I’d like all of us to reflect on the situation we find in today’s gospel. John the Baptist is in prison. He ended up behind bars because he was bold enough to tell King Herod he was living in a sinful marriage, married to his brother’s wife. John found himself at the mercy of a fickle king and a vengeful queen. John may have felt his life and his mission were falling apart; things weren’t going as he had hoped.
John was human like the rest of us. He liked having a following, crowds who listened to his every word. He was happy with all those people who repented and were baptized. He was proud of his band of disciples. John knew his mission was to prepare the way of the one who would come after him – he knew he was never meant to be the ‘main attraction’. But being human it wasn’t easy for him to let go of his popularity, his recognition as a prophet. Even though he sent his own disciples to Jesus, it probably pained him to see them go.
Scholars have different opinions as to whether John’s question “are you He Who is to come or should we look for another?” was to help his disciples to follow Jesus more closely or whether it was for his own personal assurance – have I been on the right track? John’s preaching was rather severe, pretty black and white. Jesus was more nuanced, gentler. Did John imagine Jesus was watering down the call for repentance, the call for greater fidelity to God? In those long days and frightful nights in prison, uncertain of his own future did John wonder ‘did I do the right thing? did I say the right words?’ Was John troubled by second guessing his life’s work?
Jesus’ answer to John disciples, an answer Jesus meant John to hear, points to the very works Jesus was doing. Works that point to the very intimate presence of God in the lives of the people, works Isaiah described to the beaten, discouraged people of his times to prove to them ‘ here is your God’. “the eyes of the blind shall be open, the ears of the deaf unstopped, the lame shall leap like the deer, the tongues of the speechless sing for joy.” Jesus message to John was, John you are not a failure, John you did the right thing.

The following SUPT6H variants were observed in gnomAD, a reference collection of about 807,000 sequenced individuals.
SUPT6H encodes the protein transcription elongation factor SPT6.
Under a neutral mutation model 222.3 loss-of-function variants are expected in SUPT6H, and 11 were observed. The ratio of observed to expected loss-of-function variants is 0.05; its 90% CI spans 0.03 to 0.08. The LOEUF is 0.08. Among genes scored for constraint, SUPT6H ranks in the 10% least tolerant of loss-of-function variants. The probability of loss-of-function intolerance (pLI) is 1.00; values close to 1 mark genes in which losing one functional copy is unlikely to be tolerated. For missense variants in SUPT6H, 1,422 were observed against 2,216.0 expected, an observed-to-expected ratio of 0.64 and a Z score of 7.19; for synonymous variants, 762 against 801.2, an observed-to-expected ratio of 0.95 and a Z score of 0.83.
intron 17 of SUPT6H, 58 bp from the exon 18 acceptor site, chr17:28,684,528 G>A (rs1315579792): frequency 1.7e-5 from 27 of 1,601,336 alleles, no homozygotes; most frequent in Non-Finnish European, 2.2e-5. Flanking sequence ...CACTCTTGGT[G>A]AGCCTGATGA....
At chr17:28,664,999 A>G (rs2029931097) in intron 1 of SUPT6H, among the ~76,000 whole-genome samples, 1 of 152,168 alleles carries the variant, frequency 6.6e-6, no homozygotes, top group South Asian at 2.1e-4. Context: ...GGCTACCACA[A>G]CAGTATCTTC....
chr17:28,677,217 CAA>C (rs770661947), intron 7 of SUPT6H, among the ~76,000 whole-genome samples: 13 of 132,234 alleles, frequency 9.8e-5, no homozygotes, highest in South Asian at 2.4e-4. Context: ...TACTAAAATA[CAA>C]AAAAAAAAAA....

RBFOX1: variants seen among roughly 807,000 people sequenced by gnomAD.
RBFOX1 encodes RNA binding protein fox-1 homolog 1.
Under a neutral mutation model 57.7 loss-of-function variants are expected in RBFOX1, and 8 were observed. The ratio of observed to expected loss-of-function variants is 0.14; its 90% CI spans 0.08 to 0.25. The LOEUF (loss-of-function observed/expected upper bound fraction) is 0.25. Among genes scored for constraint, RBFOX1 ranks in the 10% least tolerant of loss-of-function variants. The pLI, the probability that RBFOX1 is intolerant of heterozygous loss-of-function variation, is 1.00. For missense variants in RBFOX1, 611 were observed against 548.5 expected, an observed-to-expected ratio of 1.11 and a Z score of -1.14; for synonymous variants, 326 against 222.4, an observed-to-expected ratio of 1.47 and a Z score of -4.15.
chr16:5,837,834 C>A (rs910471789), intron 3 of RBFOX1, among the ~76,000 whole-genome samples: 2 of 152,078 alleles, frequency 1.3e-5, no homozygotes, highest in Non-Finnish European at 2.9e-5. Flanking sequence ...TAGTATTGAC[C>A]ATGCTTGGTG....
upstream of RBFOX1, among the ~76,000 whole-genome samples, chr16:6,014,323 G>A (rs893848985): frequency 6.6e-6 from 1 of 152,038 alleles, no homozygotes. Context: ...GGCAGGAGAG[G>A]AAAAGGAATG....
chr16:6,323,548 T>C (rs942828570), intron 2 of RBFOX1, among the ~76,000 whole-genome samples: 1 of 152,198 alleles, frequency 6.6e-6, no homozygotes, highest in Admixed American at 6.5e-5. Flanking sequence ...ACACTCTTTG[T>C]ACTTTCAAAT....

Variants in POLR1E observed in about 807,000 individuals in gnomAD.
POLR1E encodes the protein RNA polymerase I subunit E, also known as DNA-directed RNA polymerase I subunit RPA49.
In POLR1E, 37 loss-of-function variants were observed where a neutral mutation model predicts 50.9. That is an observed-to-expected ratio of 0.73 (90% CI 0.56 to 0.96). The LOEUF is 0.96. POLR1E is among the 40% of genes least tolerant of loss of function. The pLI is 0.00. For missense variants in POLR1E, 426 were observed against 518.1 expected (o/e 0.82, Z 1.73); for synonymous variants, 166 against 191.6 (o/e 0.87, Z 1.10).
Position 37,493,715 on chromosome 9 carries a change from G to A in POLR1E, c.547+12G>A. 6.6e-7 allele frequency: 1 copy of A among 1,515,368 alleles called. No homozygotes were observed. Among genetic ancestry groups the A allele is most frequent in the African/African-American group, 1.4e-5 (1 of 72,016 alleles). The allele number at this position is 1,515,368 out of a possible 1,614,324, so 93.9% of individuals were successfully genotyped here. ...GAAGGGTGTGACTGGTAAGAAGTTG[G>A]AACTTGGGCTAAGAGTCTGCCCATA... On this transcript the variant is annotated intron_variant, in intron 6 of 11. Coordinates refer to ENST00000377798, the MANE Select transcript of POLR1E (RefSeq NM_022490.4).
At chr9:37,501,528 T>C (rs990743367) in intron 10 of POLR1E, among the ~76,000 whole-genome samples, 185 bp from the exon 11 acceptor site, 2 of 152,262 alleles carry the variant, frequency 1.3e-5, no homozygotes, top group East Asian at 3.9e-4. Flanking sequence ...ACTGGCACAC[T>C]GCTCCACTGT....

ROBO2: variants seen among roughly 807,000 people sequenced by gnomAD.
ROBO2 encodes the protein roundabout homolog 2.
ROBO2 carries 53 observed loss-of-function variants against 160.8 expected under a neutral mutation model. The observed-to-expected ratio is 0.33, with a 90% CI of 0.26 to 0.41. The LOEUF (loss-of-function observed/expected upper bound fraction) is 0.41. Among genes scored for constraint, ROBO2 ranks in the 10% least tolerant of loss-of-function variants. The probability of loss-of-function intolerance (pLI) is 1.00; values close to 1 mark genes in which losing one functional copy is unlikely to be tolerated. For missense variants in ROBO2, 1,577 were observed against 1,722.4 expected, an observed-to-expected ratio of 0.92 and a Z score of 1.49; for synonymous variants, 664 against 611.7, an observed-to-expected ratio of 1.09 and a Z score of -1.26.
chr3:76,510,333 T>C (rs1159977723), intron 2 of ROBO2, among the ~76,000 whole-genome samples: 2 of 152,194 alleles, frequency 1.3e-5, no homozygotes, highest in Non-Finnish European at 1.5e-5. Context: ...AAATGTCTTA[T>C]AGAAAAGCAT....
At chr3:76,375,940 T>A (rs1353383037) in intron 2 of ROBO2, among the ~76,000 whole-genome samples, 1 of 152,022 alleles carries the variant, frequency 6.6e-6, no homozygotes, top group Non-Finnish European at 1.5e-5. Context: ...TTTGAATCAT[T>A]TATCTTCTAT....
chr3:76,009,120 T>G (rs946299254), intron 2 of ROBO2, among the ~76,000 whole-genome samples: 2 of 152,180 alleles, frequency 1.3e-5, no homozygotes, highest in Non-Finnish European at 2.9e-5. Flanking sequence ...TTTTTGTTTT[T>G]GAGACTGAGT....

I think there can be times in all our lives when we can relate to the feelings of doubt and bewilderment John endured in his prison cell. It’s often been called a mid-life crisis. When we look at how we’ve lived our lives, when we think of the decisions we’ve made or failed to make, when we think back on the unfulfilled dreams we’ve had for ourselves or for others, when we dreamed dreams that didn’t come true, we can often wonder and worry ‘have I wasted my life? Has it been worthwhile?’
How many of you who are grandparents worry about un-baptized grandchildren who are denied any contact with a faith that has been in the family for countless generations? How many of you are hurt because sons and daughters no longer live a faith life you tried so hard to pass on to them? Recently I was at a funeral in a Baptist church. The minister used the example of a relay race in which the baton of the faith is passed on from generation to generation and wondered, from his own pastoral experience, how often that baton is dropped by this generation and worried that it may never be picked up again.
These are John the Baptist times of our lives. I’ve mentioned before, we are all mistake making beings, no one bats 1000. We are all good people trying to do the best we can. In our times of doubt we should look to the good we’ve done, the love we’ve shown. We are being unfair to ourselves when we burden ourselves with the responsibility for the decisions other people have made in their lives.
Are you the one who is to come or should be look for another? Jesus’ reply was to point to the signs of God’s presence in the lives of the people, signs of love and healing and growth. When in our own way we ask the question, “Are you the one who is to come or should we look for another”? Did I do the right things, was I on the right track, did I make the right decision? I think He would have us be honest about the good we’ve done, the love we’ve shown, the healing we’ve brought about. I think He would encourage us to see the good and the generosity and the love in the lives of those who did not turn out as we would wished them to and appreciate the fact that they are on their own journey to God, a journey far different than our own, but a journey none the less.
As we continue to celebrate this Mass with the fearful, doubtful John the Baptist before us, we can pray for ourselves and for each other that in our own times of doubt and wonder we be blessed with the conviction, a confidence we did the best we could and leave the rest in hands of God – Who knows us better than we know ourselves and loves us better than we love ourselves.